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Equimolar ammonia interference in potassium measurement on the Osmetech OPTI Critical Care Analyzer.

To the Editor:

Ammonia is a toxic byproduct of amino acid metabolism, and increased blood concentrations of ammonia are associated with severe encephalopathy (1). In mammals, ammonia is detoxified in the liver via formation of urea (2). Hyperammonemia can result from hepatic failure, enzymatic deficiencies of the urea cycle or defects in ornithine transport [e.g., HHH syndrome (hyperornithinemia, hyperammonemia, hyperhomocitrullinuria)], or it may be secondary to other organic acidopathies (3). The hyperammonemia observed in methylmalonic acidemia is thought to arise because accumulated propionyl CoA interferes with formation of N-acetylglutamate, an obligatory activator of carbamyl phosphate synthase, the initial step in urea synthesis (4).

The Osmetech (Roswell, GA) OPTI Critical Care Analyzer (CCA) is a point-of-care instrument used to monitor electrolytes and blood gases; at our institution it is used to monitor critically ill patients during transport from outside facilities. The unique potassium ([K.sup.+]) sensor on this system consists of a macrocyclic ion-selective cryptand covalently coupled to an o-alkoxyaniline fluorophore. In the presence of [K.sup.+], internal fluorescence quenching is reduced, and fluorescence emission is proportional to the [K.sup.+] concentration in the specimen. The sensor displays negligible interference from pH, calcium, or sodium (5).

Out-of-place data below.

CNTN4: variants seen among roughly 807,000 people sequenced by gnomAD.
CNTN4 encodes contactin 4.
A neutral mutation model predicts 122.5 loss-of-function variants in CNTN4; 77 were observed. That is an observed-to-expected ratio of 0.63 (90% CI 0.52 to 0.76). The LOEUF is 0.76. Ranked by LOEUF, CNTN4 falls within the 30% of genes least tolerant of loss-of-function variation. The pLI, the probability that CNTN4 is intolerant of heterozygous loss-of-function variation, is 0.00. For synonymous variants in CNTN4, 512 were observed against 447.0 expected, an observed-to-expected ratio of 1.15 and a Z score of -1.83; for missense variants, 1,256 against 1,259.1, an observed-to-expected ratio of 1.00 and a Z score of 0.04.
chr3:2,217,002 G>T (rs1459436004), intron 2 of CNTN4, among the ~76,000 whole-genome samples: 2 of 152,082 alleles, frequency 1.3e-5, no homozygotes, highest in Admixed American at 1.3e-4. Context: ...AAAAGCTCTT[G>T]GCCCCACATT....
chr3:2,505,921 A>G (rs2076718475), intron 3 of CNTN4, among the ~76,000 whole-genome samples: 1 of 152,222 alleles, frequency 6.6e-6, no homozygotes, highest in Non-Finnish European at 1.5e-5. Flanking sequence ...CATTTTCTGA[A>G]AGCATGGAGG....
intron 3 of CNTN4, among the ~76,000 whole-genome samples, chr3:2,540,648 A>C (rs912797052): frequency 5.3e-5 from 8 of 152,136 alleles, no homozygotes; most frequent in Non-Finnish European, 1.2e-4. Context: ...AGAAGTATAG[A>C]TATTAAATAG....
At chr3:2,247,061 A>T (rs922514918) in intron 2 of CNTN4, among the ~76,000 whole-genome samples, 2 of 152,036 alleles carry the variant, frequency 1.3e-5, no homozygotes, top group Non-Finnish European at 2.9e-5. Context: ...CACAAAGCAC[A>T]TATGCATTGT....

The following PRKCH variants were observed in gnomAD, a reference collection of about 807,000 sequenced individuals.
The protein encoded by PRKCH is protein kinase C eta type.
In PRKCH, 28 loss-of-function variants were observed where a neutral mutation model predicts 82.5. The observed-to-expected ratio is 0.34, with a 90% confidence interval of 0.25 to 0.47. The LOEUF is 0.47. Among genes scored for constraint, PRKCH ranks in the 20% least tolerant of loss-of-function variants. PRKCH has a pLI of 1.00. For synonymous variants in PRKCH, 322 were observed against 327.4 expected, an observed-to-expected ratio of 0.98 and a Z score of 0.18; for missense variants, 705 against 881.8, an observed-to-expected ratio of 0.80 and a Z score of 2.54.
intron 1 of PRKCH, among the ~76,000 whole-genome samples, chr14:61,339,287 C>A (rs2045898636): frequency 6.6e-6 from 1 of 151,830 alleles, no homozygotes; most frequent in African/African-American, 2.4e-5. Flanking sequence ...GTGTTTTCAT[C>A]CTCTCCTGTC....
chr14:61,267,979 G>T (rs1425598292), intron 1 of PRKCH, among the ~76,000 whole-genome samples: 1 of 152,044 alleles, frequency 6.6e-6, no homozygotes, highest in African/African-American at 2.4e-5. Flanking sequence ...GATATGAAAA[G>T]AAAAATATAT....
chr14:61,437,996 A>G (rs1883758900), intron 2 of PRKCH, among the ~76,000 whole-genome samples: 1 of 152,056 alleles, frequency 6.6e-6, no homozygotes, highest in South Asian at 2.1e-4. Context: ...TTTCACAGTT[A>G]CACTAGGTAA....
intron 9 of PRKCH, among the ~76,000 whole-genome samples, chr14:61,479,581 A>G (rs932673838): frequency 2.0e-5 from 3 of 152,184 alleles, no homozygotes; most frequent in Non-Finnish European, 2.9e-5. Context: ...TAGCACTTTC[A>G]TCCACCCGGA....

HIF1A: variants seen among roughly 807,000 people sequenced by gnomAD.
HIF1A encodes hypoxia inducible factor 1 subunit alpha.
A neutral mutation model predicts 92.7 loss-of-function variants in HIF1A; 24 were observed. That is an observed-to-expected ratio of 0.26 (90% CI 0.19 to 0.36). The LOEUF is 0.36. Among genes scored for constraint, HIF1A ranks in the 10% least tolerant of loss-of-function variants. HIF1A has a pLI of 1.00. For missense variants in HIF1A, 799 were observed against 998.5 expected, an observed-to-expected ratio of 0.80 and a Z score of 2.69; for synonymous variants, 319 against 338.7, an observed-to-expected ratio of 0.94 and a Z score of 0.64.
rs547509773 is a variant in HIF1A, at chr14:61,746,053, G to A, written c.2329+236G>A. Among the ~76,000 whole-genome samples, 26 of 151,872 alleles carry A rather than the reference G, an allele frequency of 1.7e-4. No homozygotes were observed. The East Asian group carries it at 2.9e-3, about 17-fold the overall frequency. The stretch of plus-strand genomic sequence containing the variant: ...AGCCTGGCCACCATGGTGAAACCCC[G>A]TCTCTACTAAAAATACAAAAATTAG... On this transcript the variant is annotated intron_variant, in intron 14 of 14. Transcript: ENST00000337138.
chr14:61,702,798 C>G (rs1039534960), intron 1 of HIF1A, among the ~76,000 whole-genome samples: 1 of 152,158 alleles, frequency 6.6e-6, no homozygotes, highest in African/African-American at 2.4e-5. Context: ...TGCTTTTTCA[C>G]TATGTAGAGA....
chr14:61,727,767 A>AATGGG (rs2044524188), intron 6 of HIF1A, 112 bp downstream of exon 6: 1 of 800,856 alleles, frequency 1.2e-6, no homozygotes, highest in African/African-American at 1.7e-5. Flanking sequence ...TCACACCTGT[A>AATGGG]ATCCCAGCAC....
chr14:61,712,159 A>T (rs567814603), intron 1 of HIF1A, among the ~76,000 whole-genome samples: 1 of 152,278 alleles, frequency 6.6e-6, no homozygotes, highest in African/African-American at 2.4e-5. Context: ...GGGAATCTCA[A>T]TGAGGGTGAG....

During the recent transport to our hospital of an infant with methylma-Ionic acidemia ([mut.sup.0] subtype) and plasma ammonia >3000 [micro]mol/L, apparent [K.sup.+] concentrations were increased (>8 mmol/L) when measured by the OPTI CCA but were within reference values when measured in plasma by both direct and indirect ion-specific electrodes. We hypothesized that the increased [K.sup.+] measurement observed on the OPTI CCA was the result of ammonia interference.

We obtained a plasma pool (endogenous ammonia = 150 [micro]mol/L) and supplemented it with increasing concentrations of NH4C1 and LiCl. Subsequent [K.sup.+] measurements were performed on the OPTI CCA and on the following whole-blood direct ion-selective electrode platforms: ABL 735 (Radiometer), GEM Premier (Instrumentation Laboratories), and i-STAT (Abbott Point of Care). Potassium measurements were also performed with the Vitros 250 (Ortho Clinical Diagnostics). In the presence of increasing concentrations of ammonium chloride, we observed an equimolar increase in apparent [K.sup.+] when measured on the OPTI CCA (Fig. 1). Ammonium chloride up to 5000 [micro]mol/L had no effect on [K.sup.+] measured with the Vitros 250, ABL 735, GEM, or i-STAT. LiC1 had no impact on [K.sup.+] measured with the OPTI or with any other platform tested (data not shown).

[FIGURE 1 OMITTED]